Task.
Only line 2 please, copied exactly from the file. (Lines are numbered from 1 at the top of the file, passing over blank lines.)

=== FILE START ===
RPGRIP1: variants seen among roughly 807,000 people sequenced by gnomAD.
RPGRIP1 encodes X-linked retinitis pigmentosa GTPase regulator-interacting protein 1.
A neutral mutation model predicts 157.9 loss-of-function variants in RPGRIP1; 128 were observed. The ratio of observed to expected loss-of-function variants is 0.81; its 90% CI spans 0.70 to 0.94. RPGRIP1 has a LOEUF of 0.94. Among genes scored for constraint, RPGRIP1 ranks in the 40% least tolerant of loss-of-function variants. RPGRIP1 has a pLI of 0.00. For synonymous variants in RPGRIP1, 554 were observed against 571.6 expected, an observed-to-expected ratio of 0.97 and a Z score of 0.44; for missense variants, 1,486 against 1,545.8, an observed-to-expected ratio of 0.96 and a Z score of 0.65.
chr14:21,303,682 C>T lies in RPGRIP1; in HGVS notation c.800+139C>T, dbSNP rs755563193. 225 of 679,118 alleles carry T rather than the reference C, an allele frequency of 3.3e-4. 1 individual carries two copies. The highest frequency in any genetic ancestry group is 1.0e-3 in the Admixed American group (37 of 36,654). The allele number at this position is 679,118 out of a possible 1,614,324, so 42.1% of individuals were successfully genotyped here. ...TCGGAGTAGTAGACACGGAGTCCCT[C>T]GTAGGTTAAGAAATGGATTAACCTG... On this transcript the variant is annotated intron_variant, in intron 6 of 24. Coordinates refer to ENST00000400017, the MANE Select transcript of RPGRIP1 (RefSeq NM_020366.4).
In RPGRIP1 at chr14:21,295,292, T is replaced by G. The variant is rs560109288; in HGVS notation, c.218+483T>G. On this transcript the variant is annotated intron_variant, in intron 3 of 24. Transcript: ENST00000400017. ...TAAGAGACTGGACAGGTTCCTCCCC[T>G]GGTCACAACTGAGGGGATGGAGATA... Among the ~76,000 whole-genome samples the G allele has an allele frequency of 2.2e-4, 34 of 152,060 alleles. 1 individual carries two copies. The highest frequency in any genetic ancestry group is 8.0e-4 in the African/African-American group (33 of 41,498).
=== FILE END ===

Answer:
RPGRIP1 encodes X-linked retinitis pigmentosa GTPase regulator-interacting protein 1.